Door Guillaume De l'Isle van de Koninglyke Academie der Wetenschappen te Parys.


Cartographer: Guillaume De L'Isle.
Engraver: Jan van Huchtenburg.

Date: 1729.

Copper engraving, printed on paper from two plates, joined.
Map size: 625 x 635mm (24.61 x 25 inches).
Sheet size: 670 x 690mm (26.38 x 27.17 inches).
Verso: Blank.
Condition: Folds as issued, excellent.
Condition Rating: A+.

From: Dumont. Histoire militaire du prince Eugène de Savoie... Den Haag, Vander Kloot, 1729.

Jean Dumont

Jean Dumont Baron de Carlscroon (13 January 1667 –13 May 1727) was a French writer and historian. He followed the profession of arms but, not obtaining promotion as rapidly as he expected, left the service and travelled through different parts of Europe. He stopped in Holland intending to publish an account of his travels. But in the interval, at the request of his bookseller, he wrote and published several pamphlets, which were eagerly sought after, owing to the abrupt manner in which he treated the ministry of France. Thus deprived of all hope of employment in his own country, he thought of forming a permanent establishment in Holland and commenced a course of lectures on public law. The project succeeded far beyond his expectations, and some valuable compilations he published in the same period made him well-known in other countries. The emperor appointed him his historiographer and, some time afterwards, conferred on him the title of Baron de Carlscroon. He died in Vienna. (Wikipedia)

Dumont was also the author of Histoire Militaire du prince Eugène de Savoie...  published in two volumes in Den Haag in 1729.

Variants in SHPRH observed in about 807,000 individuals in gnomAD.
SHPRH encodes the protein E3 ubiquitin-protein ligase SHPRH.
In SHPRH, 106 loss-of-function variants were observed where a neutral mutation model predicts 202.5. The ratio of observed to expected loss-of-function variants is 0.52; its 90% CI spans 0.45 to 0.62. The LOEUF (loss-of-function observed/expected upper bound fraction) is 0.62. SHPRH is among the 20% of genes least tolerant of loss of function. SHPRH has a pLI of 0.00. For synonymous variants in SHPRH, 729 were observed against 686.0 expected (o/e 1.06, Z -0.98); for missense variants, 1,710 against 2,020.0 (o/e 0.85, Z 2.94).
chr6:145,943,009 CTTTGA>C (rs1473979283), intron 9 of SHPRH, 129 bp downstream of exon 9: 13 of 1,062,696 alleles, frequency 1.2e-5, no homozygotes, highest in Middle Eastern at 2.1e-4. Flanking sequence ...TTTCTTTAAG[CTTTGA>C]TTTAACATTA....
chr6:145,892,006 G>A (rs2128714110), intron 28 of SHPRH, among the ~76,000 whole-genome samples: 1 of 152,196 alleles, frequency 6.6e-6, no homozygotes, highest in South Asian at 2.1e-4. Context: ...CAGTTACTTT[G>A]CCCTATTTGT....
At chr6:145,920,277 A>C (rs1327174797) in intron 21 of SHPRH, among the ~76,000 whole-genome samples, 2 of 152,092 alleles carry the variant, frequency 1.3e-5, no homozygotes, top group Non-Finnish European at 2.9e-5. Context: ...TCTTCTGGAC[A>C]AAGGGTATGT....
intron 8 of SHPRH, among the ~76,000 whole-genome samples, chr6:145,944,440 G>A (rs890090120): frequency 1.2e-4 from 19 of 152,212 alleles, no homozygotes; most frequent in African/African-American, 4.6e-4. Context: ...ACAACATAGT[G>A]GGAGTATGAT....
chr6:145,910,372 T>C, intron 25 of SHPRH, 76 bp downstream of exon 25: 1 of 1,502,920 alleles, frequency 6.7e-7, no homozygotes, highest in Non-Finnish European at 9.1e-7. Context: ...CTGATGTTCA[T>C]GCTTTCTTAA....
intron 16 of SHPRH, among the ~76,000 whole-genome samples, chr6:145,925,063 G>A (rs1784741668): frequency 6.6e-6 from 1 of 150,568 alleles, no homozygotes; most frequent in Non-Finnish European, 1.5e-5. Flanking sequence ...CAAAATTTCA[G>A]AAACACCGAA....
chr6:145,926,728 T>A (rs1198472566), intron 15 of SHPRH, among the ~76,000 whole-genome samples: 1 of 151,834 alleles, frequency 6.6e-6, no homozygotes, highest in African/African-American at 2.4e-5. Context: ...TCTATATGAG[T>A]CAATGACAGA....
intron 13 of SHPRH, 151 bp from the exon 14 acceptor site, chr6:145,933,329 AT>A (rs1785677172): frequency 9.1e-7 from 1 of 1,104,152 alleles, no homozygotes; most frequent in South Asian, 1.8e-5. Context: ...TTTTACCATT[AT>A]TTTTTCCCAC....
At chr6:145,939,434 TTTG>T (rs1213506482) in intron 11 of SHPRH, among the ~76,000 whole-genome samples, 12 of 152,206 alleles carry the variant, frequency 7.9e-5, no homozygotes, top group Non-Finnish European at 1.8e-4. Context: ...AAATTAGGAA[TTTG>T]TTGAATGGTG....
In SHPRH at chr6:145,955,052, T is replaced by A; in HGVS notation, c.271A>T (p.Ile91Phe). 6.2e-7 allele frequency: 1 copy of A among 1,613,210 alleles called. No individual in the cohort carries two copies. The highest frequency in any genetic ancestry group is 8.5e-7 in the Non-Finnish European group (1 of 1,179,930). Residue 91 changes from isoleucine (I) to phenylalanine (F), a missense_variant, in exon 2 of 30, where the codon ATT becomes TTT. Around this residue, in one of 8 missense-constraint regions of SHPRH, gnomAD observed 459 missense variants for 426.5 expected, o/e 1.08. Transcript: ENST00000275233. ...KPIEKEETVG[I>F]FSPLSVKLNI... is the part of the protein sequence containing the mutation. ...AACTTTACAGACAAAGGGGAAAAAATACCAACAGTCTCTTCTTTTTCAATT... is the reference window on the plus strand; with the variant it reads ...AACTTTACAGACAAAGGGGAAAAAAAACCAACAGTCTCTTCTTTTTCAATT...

Guillaume Delisle (Paris, 1675 – 1726)

Guillaume Delisle (de L’Isle), one of the key figures in the development of French cartography, is the son of Claude Delisle, a cartographer, and the half-brother of astronomers Joseph-Nicolas Delisle and Louis de l'Isle de la Croyère.

While his father has to be given credit for educating Guillaume, the boy showed early signs of being an exceptional talent. He soon contributed to the family workshop by drawing maps for his father's historical works. To perfect his skills, Guillaume Delisle became the student of the astronomer Jean-Dominique Cassini. Early on, he produced high-quality maps, the first being his Carte de la Nouvelle-France et des Pays Voisins in 1696. Delisle's first atlas appeared around 1700, and in 1702 he became a member of the French Académie Royale des Sciences. He taught geography to the young Louis XV, and in 1718 he received the title of Premier Géographe du Roi. On a commission from Peter the Great, he produced a map of the Caspian Sea, a region barely known. Many of the place names he gave are still in use. His Carte de la Louisiane et du cours du Mississippi (1718) is the first detailed map of this region.

A six-year-long plagiarism trial pits Delisle against Jean-Baptiste Nolin, cartographer. It is Nolin, the real plagiarist, who loses.

Delisle has remained famous for his astronomical-based corrections and the completeness of its topography. The high scientific quality of the work produced by the Delisle family contrasted with the workshop of Sanson. While Sanson knowingly published outdated facts and mistakes, Delisle constantly updated his maps to reflect widening knowledge of the world.

References: Dorigo-Franssen (Brabant) - p. 510-511, #93.2